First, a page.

Just over a week ago Julie Bindel and Milo Yiannopoulos were banned by our SU from speaking at an event on the University of Manchester campus. The title, “From Liberation to Censorship: Does Modern Feminism have a Problem with Free Speech” would have seen them and others explore a possible compatibility issue between freedom of expression and third wave intersectional feminism. Unfortunately for those wanting to attend, both prospective speakers fell foul of the newly tightened safe space policy, and were then banned from speaking only a few weeks before they were scheduled to appear.
It has become clear recently that a key figure behind this censorship is our SU women's officer Jess Lishak. Last week she posted an explanation piece as to why she pushed so hard for the SU to ban the two respective speakers and label one as a security threat. It was taken down a day later, but can still be found here. It reads as if the writer was subtly and satirically trying to mock herself by drawing attention to what a Students’ Union stereotype sounds like. It also shows a complete willingness to use her position of privilege to discriminate against students that hold different opinions to her, as well as a blatant bias against the UoM Free Speech and Secular society.
The irony here is almost too blunt to constitute the label ironic. An event designed to explore the censorious side of intersectional feminism is effectively shut down by a progressive feminist via an appeal to a piece of legislature that is the very embodiment of intersectionality. I am talking of course about the safe space policy. That particularly soggy piece of legislation that facilitates the dangerous transition from that which is offensive to that which is physically threatening, and promotes one’s identity above the beliefs that one holds.
It would be easy to say that such irony is a signpost that the debate is now over, the issue settled, and the answer obtained. Well this would only be the case if our SU leadership were being reflective of modern feminism in their illiberal actions. They would certainly argue that they were, and one would not be acting irrationally to take them at their word.
However, I would prefer to see feminism as being reflective in the opinions of a trans student who wrote underneath Jess’s original post. She expressed her distaste towards Julie Bindel, but thought her own free expression would suffer were she not allowed to hear and challenge a speaker whose opinions she does not like. She also did not appreciate her identity being pigeon holed and minimalised by the assumption that just because she does not like Bindel’s opinions, she would somehow be psychologically at risk were she to speak on campus.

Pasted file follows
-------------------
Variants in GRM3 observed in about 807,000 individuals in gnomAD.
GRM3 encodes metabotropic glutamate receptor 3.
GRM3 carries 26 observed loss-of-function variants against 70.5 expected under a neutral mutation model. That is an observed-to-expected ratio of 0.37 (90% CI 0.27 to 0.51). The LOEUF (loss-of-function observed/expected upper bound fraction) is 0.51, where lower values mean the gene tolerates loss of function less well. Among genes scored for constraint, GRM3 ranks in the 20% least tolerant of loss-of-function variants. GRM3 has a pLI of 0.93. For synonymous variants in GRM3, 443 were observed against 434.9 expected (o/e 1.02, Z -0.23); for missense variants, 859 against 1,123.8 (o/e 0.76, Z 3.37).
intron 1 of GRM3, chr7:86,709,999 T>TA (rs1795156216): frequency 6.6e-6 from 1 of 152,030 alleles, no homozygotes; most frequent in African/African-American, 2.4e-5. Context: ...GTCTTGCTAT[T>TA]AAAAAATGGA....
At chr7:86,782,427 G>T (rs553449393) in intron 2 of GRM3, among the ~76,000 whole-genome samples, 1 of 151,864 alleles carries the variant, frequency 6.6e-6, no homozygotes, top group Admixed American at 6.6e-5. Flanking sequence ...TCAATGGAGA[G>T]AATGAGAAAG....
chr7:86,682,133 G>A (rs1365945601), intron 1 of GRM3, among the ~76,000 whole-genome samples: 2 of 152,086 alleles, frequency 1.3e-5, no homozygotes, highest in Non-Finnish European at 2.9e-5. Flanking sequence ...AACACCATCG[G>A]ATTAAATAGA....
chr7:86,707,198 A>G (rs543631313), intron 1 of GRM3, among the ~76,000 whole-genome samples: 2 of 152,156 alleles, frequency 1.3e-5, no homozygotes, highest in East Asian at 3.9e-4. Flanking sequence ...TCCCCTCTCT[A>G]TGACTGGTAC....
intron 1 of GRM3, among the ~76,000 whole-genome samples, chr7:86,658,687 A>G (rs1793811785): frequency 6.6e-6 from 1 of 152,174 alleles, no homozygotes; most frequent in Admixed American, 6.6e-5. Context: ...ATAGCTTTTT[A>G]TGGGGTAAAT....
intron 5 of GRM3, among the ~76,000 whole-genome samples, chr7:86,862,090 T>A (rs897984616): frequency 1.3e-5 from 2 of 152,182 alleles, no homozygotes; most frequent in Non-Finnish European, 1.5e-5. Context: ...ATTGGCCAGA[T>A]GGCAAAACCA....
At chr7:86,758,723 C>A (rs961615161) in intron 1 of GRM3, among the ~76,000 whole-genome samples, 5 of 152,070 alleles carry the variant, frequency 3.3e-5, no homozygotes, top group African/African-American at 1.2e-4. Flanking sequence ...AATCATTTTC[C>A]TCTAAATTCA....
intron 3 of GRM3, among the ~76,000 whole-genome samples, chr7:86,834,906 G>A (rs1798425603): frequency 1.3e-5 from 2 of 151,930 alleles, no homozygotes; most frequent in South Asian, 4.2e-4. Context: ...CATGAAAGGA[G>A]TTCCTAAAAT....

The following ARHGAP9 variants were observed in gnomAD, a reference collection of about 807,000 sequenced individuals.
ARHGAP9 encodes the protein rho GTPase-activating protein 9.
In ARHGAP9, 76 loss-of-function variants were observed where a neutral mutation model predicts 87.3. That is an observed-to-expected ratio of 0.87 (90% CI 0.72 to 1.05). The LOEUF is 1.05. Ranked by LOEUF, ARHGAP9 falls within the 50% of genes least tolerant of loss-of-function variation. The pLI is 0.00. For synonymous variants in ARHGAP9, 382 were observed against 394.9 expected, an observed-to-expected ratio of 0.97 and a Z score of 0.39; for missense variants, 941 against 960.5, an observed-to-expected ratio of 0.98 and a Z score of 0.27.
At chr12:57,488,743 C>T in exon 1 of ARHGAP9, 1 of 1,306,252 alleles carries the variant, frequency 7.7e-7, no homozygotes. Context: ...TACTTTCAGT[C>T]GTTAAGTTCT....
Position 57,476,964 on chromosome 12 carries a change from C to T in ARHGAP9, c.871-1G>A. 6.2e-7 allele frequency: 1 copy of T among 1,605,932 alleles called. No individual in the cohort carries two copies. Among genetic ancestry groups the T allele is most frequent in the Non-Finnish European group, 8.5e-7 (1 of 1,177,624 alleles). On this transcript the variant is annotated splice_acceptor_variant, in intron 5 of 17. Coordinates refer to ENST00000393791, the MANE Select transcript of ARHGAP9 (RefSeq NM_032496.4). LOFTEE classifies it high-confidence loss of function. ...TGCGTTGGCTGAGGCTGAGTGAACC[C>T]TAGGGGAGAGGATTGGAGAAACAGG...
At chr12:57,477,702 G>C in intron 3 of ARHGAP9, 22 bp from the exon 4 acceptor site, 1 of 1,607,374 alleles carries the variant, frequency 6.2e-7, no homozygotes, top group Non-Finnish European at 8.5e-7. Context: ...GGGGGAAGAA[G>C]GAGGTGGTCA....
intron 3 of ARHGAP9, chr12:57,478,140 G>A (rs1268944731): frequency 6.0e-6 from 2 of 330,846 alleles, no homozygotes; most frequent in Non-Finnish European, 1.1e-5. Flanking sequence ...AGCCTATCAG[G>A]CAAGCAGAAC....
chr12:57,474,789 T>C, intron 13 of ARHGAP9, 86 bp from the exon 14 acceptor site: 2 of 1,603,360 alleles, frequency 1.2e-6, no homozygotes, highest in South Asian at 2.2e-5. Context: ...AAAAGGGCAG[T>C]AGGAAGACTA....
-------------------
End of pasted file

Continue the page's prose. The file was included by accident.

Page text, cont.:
Such an assumption is not just intrinsic of the safe space policy, it is the safe space policy. Yet always with these SU leadership types, they have decided how a certain minority should feel, conveniently forgot that autonomous individuals actually exist, and determined that those who are vulnerable can do nothing more than languish in their own vulnerability. This is not what the kind of feminism that I subscribe to is about.
I have no tract with Julie Bindel, she recently argued that men should be placed in camps (though I think somewhat in jest), and that trans people should not be viewed as humans born into a gender that they never felt was their own. She may have changed her position on this one, it would have been nice to ask her were she not banned from the university. However, she does not incite violence and her position is routed in a legitimate position that gender is entirely constructed by the social environment of the subject. She is also an accredited journalist who is extremely popular in her field and has fought for women’s liberation for the entirety of her professional life. Whatever you think of her, she is certainly worth listening to.
Every UoM student should be worried about the safe space policy. It is sufficiently elastic that any speaker of note will have at one time or another fallen foul of its wide reach. Perhaps more worryingly, every prospective student should now be thinking twice about becoming a member of a Students’ Union whose leadership is out of control.
John Beswick writes about student affairs for The Manchester Magazine. He is also an active blogger on the FSS Blog